At Sociological Images, they repeated a few of the recent comments about tobacco companies using color coding to distinguish their products and the idea that consumers would associate lighter colors with a safer cigarette.
I think it is quite possible that smokers do associate lighter colors with a safer smoke. And it would be unfortunate that someone who otherwise might have switched to a safer alternative such as e-cigarettes or smokeless tobacco, or even quit altogether, did not because they thought they were now safe enough.
What I find curious is that the lighter packaging is considered underhanded. For one thing, if you take any two different packs of cigarettes, one is going to be lighter than the other -it is hard to get around that limitation. For another, even though people seem to associate lightness with less harmful, it is also fairly common knowledge that “light” cigarettes have not ended up reducing the risks of smoking.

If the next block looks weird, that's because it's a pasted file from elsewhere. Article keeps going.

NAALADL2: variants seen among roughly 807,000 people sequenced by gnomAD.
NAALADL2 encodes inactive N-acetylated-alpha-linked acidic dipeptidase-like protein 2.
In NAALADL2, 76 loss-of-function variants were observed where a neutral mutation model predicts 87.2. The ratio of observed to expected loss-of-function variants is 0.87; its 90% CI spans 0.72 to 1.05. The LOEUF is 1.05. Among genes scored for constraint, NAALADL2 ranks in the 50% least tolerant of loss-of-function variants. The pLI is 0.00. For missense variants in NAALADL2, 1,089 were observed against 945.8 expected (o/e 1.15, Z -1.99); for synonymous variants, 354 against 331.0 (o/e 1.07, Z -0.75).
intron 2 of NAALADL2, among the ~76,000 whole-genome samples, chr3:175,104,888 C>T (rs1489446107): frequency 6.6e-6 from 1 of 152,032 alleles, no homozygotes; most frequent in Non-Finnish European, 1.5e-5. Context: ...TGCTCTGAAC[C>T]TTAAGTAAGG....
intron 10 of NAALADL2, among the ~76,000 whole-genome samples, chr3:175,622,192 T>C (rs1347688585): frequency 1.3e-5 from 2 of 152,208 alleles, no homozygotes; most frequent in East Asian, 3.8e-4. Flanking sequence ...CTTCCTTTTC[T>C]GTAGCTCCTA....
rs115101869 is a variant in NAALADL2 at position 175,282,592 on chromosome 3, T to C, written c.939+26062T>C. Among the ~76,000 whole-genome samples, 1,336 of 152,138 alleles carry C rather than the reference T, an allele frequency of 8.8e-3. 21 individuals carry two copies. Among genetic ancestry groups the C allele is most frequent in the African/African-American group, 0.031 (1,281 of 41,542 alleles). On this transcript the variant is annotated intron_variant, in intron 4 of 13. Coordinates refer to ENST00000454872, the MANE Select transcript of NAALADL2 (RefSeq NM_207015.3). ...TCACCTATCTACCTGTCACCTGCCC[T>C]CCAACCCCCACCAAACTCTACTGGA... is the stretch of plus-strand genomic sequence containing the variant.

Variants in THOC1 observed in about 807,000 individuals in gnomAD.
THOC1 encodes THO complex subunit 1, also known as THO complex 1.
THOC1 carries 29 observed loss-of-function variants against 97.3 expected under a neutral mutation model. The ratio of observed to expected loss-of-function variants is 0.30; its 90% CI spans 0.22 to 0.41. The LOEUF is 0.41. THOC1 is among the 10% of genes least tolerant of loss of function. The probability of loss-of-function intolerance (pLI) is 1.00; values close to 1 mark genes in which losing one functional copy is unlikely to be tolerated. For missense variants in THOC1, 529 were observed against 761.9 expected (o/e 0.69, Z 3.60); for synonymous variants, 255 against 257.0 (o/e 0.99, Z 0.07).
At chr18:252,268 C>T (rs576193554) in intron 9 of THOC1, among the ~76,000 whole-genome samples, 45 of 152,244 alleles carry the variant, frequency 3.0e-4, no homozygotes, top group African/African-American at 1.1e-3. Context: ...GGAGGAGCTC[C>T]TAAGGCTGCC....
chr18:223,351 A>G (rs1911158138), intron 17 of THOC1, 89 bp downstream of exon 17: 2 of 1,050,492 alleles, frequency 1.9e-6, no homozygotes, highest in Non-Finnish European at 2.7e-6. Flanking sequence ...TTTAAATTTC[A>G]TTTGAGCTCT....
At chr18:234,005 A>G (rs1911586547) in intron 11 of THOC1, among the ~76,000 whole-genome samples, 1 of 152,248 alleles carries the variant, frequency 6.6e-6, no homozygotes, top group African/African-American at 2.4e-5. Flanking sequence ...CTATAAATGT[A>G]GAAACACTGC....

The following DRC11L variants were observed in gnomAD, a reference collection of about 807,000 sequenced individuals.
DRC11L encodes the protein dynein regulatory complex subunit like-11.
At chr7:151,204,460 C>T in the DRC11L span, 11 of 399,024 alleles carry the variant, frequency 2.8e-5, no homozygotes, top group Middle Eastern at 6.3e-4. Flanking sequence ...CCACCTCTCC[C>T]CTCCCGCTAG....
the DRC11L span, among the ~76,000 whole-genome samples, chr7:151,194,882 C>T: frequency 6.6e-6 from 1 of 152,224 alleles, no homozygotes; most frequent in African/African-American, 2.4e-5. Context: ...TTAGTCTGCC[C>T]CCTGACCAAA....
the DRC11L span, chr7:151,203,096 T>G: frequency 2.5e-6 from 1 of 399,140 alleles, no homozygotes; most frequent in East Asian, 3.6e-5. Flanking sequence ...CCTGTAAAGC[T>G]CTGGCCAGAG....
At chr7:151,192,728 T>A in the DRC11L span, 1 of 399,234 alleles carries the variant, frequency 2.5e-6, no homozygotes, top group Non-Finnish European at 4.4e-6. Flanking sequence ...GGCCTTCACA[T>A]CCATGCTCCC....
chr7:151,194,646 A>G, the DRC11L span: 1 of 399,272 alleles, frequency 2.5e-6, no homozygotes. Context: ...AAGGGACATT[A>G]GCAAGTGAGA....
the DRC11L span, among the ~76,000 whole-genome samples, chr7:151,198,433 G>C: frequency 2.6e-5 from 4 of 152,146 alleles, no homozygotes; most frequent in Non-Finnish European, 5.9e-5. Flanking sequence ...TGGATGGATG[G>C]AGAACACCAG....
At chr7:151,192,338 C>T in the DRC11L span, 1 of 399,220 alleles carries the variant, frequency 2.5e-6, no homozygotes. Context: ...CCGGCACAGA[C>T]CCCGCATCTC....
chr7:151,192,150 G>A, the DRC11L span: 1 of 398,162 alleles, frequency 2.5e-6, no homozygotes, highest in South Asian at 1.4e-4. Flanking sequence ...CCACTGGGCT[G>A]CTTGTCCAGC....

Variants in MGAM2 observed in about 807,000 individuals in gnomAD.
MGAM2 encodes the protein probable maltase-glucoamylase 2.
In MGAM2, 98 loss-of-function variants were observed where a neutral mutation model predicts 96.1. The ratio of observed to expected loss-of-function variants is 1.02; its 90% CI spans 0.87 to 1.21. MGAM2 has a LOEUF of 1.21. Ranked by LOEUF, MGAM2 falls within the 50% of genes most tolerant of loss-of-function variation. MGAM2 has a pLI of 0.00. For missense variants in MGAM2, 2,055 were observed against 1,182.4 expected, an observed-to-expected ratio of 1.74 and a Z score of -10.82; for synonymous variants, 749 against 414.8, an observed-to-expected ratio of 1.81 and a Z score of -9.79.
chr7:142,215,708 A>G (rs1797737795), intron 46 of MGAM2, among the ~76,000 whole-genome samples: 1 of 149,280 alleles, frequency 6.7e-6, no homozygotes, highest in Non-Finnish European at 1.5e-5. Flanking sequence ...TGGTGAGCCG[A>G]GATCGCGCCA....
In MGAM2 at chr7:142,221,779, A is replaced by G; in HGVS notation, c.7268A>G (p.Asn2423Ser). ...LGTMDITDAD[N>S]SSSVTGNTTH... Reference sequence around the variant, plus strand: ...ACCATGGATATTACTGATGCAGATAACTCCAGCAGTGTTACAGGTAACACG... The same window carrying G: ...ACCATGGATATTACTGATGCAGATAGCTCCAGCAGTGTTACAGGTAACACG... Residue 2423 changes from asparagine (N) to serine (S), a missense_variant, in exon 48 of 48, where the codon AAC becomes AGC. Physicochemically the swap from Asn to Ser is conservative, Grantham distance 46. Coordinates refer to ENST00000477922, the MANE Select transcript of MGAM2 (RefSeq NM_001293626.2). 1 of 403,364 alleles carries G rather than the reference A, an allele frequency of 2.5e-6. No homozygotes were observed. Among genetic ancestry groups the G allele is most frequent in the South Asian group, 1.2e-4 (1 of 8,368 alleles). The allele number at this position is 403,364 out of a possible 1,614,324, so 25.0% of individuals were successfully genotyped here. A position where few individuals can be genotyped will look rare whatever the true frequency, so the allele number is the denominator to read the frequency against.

So then why not take the “light” brand and make it the darker package?
If the pattern holds, more people will start buying the lighter package of higher tar cigarettes and think it is safer. According to the authorities, it should not really increase their risks so no one is really the worse off. And ultimately it may introduce enough confusion into consumers’ minds about what might be safer that this whole distinction will disappear.
Then people who would have quit but for thinking they had the safer cigarette might just quit or switch out of frustration of not knowing how to select their “safer” cigarette.
– Paul L. Bergen